Magyar Cinema likely to take a hit

BUDAPEST — Hungarian lawmakers are considering a 3% tax on multiplex revenues to support Hungary’s ailing arthouse exhibition industry.

The tax, reportedly based on a similar French law could generate up to HUF300 million ($1.4 million) annually.

If passed, it will have the greatest impact on the Cinema City chain, operated by Israeli-owned IT Magyar Cinema, which controls 80% of the commercial multiplex screens. Cinema City did not return calls for comment on the proposed tax.

Zoltan Korosvolgyi, CEO of City of Budapest-owned exhib Budapest Film, which operates 16 screens, said the law could provide badly needed support for Hungary’s arthouse sector, which he calls one of the largest and richest in Europe.

Budapest has some 18 arthouse venues, which Korosvolgyi says is larger than the number in neighboring Vienna.

“If there is a chance of getting funding to help arthouses, from my side this is a great [opportunity],” said Korosvolgyi, who pointed out that the last 18 months have seen significant arthouse closures across Hungary.

Arthouse exhibition has been particularly vulnerable during Europe’s economic crisis. But Korosvolgyi said that subsidies will always be essential to the health of the sector.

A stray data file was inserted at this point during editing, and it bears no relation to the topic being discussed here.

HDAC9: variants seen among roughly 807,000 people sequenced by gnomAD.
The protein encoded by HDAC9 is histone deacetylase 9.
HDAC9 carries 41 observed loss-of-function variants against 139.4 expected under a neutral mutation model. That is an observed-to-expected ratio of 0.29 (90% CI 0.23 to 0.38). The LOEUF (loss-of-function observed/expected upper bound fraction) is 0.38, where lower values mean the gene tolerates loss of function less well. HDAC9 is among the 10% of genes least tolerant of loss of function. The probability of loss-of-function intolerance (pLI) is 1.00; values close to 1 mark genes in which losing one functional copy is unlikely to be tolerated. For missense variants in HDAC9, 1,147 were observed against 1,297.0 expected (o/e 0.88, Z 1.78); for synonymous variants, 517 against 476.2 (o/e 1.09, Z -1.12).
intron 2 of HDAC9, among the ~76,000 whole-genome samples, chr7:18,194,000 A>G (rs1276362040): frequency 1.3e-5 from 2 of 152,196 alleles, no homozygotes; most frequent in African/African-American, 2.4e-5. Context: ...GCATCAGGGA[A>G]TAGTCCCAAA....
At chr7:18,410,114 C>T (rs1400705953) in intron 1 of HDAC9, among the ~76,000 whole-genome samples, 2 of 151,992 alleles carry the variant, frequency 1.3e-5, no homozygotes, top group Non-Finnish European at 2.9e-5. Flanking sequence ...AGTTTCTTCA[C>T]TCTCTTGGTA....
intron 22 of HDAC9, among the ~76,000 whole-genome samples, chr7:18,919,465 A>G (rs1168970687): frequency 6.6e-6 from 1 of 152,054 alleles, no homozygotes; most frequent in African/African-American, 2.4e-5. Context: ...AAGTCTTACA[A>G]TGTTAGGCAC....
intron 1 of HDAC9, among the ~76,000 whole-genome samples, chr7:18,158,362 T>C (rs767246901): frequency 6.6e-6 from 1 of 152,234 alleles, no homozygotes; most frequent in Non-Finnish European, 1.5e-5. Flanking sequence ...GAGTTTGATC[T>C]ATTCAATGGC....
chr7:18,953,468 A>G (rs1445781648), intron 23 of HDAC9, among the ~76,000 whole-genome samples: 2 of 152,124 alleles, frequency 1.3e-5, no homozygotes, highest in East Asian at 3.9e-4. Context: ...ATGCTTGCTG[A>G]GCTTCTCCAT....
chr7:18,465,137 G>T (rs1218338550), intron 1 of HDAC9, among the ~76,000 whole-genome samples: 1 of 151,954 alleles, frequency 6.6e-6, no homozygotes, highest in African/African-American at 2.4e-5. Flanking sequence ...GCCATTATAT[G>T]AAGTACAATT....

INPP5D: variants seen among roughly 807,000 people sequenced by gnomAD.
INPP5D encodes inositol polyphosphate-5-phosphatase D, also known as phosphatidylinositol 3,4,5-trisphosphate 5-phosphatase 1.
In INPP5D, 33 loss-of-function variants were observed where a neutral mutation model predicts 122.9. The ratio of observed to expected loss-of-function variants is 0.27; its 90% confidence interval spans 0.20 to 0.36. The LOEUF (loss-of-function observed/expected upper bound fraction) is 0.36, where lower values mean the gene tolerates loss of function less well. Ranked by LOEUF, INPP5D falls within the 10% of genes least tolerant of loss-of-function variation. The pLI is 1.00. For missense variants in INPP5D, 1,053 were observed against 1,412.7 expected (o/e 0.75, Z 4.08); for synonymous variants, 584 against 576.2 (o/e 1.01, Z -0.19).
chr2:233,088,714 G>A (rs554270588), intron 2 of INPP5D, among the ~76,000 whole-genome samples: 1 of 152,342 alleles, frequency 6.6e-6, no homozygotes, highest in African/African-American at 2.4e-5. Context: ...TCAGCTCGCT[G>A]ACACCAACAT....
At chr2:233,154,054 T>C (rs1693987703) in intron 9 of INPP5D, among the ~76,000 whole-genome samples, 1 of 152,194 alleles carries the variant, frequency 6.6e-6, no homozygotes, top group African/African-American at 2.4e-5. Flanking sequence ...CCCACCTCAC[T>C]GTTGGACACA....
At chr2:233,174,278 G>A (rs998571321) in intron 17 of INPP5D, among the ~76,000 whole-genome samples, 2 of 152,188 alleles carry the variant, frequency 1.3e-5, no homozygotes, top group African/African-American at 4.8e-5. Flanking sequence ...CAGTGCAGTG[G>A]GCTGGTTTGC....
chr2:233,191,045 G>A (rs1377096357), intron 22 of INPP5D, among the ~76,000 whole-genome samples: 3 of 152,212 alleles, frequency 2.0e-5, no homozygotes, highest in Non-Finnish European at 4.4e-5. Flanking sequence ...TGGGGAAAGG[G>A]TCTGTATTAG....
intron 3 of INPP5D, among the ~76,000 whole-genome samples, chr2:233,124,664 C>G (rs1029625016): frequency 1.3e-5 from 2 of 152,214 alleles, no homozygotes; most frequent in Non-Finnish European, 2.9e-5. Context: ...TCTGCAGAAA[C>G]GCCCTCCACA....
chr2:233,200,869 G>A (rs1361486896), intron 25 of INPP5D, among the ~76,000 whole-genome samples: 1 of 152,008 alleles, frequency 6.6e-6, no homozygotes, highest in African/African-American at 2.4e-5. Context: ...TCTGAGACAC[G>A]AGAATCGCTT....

“In arthouses you can’t charge the same ticket prices as in multiplexes,” Korosvolgyi said, “because the ticket buyers are mainly students and senior citizens.”

In normal times, he said, arthouses generate one-third of their operating revenue, with federal and municipal governments making up the deficit. But the City of Budapest is the only municipality supporting its arthouses in the current economic crisis.

Korosvolgyi is reserving judgment on the current tax proposal, saying it remains to be seen whether the tax will target traditional multiplexes only or will apply to legally defined “commercial” cinemas, which many university and small-town art cinemas have been designated due to strict government guidelines on the definition of an arthouse.

Pols have also lent thier support to a proposed tax on Hungary’s profitable porn industry to raise money for the domestic movie biz, which is suffering from the same budget cuts that are hitting the arthouse sector.

Porn is Hungary’s only film production sector that continues to boom, reportedly generating in excess of $876 million annually.

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